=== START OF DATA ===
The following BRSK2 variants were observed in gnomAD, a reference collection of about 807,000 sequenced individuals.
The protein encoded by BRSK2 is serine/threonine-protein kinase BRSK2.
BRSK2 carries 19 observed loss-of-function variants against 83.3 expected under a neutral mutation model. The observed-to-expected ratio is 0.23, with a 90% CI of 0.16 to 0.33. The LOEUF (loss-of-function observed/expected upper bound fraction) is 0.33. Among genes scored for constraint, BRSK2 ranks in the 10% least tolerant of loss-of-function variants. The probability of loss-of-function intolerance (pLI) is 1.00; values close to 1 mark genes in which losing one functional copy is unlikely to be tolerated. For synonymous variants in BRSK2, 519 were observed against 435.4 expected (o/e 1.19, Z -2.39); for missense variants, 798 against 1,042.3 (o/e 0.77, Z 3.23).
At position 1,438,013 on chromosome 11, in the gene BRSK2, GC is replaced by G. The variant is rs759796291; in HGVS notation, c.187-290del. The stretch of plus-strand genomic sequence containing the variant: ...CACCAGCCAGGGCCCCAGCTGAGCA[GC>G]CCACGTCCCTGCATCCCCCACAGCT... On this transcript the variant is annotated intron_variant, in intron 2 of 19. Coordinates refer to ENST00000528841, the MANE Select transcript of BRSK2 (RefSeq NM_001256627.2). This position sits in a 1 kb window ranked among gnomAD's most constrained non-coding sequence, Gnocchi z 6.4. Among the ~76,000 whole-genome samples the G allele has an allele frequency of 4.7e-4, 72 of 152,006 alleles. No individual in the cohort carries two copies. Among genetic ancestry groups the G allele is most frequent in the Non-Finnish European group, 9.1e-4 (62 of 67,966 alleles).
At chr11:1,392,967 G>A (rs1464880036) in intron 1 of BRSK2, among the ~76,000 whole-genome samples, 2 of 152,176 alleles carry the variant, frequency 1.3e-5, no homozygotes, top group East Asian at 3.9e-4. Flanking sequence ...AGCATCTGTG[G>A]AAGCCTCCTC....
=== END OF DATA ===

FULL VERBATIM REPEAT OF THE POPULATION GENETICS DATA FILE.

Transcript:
The following BRSK2 variants were observed in gnomAD, a reference collection of about 807,000 sequenced individuals.
The protein encoded by BRSK2 is serine/threonine-protein kinase BRSK2.
BRSK2 carries 19 observed loss-of-function variants against 83.3 expected under a neutral mutation model. The observed-to-expected ratio is 0.23, with a 90% CI of 0.16 to 0.33. The LOEUF (loss-of-function observed/expected upper bound fraction) is 0.33. Among genes scored for constraint, BRSK2 ranks in the 10% least tolerant of loss-of-function variants. The probability of loss-of-function intolerance (pLI) is 1.00; values close to 1 mark genes in which losing one functional copy is unlikely to be tolerated. For synonymous variants in BRSK2, 519 were observed against 435.4 expected (o/e 1.19, Z -2.39); for missense variants, 798 against 1,042.3 (o/e 0.77, Z 3.23).
At position 1,438,013 on chromosome 11, in the gene BRSK2, GC is replaced by G. The variant is rs759796291; in HGVS notation, c.187-290del. The stretch of plus-strand genomic sequence containing the variant: ...CACCAGCCAGGGCCCCAGCTGAGCA[GC>G]CCACGTCCCTGCATCCCCCACAGCT... On this transcript the variant is annotated intron_variant, in intron 2 of 19. Coordinates refer to ENST00000528841, the MANE Select transcript of BRSK2 (RefSeq NM_001256627.2). This position sits in a 1 kb window ranked among gnomAD's most constrained non-coding sequence, Gnocchi z 6.4. Among the ~76,000 whole-genome samples the G allele has an allele frequency of 4.7e-4, 72 of 152,006 alleles. No individual in the cohort carries two copies. Among genetic ancestry groups the G allele is most frequent in the Non-Finnish European group, 9.1e-4 (62 of 67,966 alleles).
At chr11:1,392,967 G>A (rs1464880036) in intron 1 of BRSK2, among the ~76,000 whole-genome samples, 2 of 152,176 alleles carry the variant, frequency 1.3e-5, no homozygotes, top group East Asian at 3.9e-4. Flanking sequence ...AGCATCTGTG[G>A]AAGCCTCCTC....